Who are the best draft picks of the century from the most prominent programs in college football? College Football 24/7 set out to answer this question by ranking the top draft picks since 2000 from the 30 schools that have produced the most picks since that year.
Players were ranked through a formula in which they received points for honors they've acquired in their NFL career, including being selected to the Pro Bowl (including as injury replacements) and being selected first-team All-Pro. Players were also rewarded relative to where in the draft they were selected. First-round picks benefited least because a strong career would be expected; seventh-round picks benefited most. In some cases, a bonus for longevity or outstanding play was granted. See the full formula below the list of top picks.
North Carolina has placed 55 players in the NFL draft since 2000, edging out South Carolina by one pick. That ranks tied for 27th among all schools. A pair of defensive ends -- Julius Peppers and Robert Quinn -- lead a group lacking in depth. Peppers has enjoyed a dominant NFL career and is one of only 10 players in the 30-school series with 30-plus points. Three of the Tar Heels' top picks -- Peppers, Alge Crumpler and David Thornton -- were UNC teammates in the early 2000s.
UNC had a two-year drought from the draft from 2015-2016, but the past year was a resurgent one for the program, as six Tar Heels were selected in 2017, including No. 2 overall pick Mitchell Trubisky.
Best picks of the century from North Carolina
1. Julius Peppers, defensive end
Drafted by:Panthers, No. 2 overall pick (Round 1), 2002
Skinny: Peppers has been one of the NFL's true standard bearers for pass rushers since entering the league in 2002. His 143.5 career sacks rank fifth all-time, right between Hall of Famers Michael Strahan (141.5) and Chris Doleman (150.5). The nine-time Pro Bowl selectee returns to Carolina this fall for his 16th NFL season and second stint with the Panthers.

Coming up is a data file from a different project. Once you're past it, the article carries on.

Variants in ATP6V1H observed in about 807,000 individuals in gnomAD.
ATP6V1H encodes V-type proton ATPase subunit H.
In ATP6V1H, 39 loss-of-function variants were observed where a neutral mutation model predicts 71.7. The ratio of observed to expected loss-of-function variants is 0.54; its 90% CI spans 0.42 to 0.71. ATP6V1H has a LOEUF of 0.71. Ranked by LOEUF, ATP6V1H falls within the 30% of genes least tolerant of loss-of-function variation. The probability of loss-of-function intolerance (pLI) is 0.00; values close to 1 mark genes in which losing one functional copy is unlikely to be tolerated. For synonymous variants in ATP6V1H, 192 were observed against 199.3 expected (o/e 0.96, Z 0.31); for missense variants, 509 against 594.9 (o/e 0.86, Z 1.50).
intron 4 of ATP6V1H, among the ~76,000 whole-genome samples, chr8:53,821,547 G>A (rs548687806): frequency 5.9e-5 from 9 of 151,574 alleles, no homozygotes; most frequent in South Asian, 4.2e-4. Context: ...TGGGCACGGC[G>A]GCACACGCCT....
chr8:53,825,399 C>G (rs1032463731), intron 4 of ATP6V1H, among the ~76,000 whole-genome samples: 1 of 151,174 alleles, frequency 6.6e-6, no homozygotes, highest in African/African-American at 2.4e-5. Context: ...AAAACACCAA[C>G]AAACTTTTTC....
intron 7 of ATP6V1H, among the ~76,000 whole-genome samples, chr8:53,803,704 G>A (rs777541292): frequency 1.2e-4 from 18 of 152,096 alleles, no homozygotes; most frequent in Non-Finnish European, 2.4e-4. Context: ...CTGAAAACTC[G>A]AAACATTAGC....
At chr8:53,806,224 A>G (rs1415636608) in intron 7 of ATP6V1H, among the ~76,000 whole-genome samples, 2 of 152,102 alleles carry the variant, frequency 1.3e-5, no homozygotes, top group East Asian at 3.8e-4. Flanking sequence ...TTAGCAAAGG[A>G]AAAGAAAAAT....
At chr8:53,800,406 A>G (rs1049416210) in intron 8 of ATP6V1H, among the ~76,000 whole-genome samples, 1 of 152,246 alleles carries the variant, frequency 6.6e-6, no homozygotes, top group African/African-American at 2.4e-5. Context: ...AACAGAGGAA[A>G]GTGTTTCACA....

2. Robert Quinn, defensive end
Drafted by:Rams, No. 14 overall pick (Round 1), 2011
Skinny: Quinn was the second defensive end off the draft board in 2011, three picks after J.J. Watt. Quinn's career flashed brilliantly over a three-year stretch from 2012-2014, during which he registered 40 sacks. He was selected to back-to-back Pro Bowls during this peak, and was a first-team All-Pro in 2013. Quinn's production has tailed off since then, as he's ended the last two seasons on injured reserve.
3. Alge Crumpler, tight end
Drafted by:Falcons, No. 35 overall pick (Round 2), 2001
Skinny: Crumpler spent the first seven seasons of a 10-year career in Atlanta, where he was selected to four Pro Bowls in a row (2003-2006) as a key target for QB Mike Vick. His most productive year came in 2005, when he set career bests in catches (65) and yardage (877).
4. Hakeem Nicks, wide receiver
Drafted by:Giants, No. 29 overall pick (Round 1), 2009
Skinny: Having lost WR Plaxico Burress to an accidental, self-inflicted gunshot and the resulting fallout, the Giants went into the 2009 draft with a need at receiver and filled it with Nicks. He had six productive seasons in New York and won a Super Bowl ring with the Giants, as well. He enjoyed his best pro seasons in 2010 and 2011 with 1,000-yard campaigns and appeared to be headed for a long, highly productive NFL career, but injuries took their toll on him and he was out of the league by his late 20s.
5. David Thornton, linebacker
Drafted by:Colts, No. 106 overall pick (Round 4), 2002
Skinny: Always the underdog, Thornton was initially a walk-on at UNC and didn't get his draft call until the fourth round. After playing in a reserve role as a rookie, Thornton was an NFL starter for seven seasons in Indianapolis and, beginning in 2006, Tennessee. Hip surgery kept him out of action in 2010, and he retired in 2011 with 809 career tackles.
Total number of picks from North Carolina since 2000: 55
2017 draft picks from North Carolina (6): QB Mitchell Trubisky, Bears (Round 2, No. 2 overall), DL Nazair Jones, Seahawks (Round 3, No. 102 overall), WR Mack Hollins, Eagles (Round 4, No. 118 overall), WR Ryan Switzer, Cowboys (Round 4, No. 133 overall), RB T.J. Logan, Cardinals (Round 5, No. 179 overall), RB Elijah Hood, Raiders (Round 7, No. 242 overall).
Draft multiplier: Total points for first-round picks x 1.1; second-round picks x 1.2; third-round picks x 1.3; fourth-round picks x 1.4; fifth-round picks x 1.5; sixth-round picks x 1.6; seventh-round picks x 1.7.
Tiebreaker: Ranking edge to lower-drafted player within same round.
Specialists and fullbacks: For players honored primarily as specialists or fullbacks, their total points were devalued. Kickers and punters were not included in this exercise.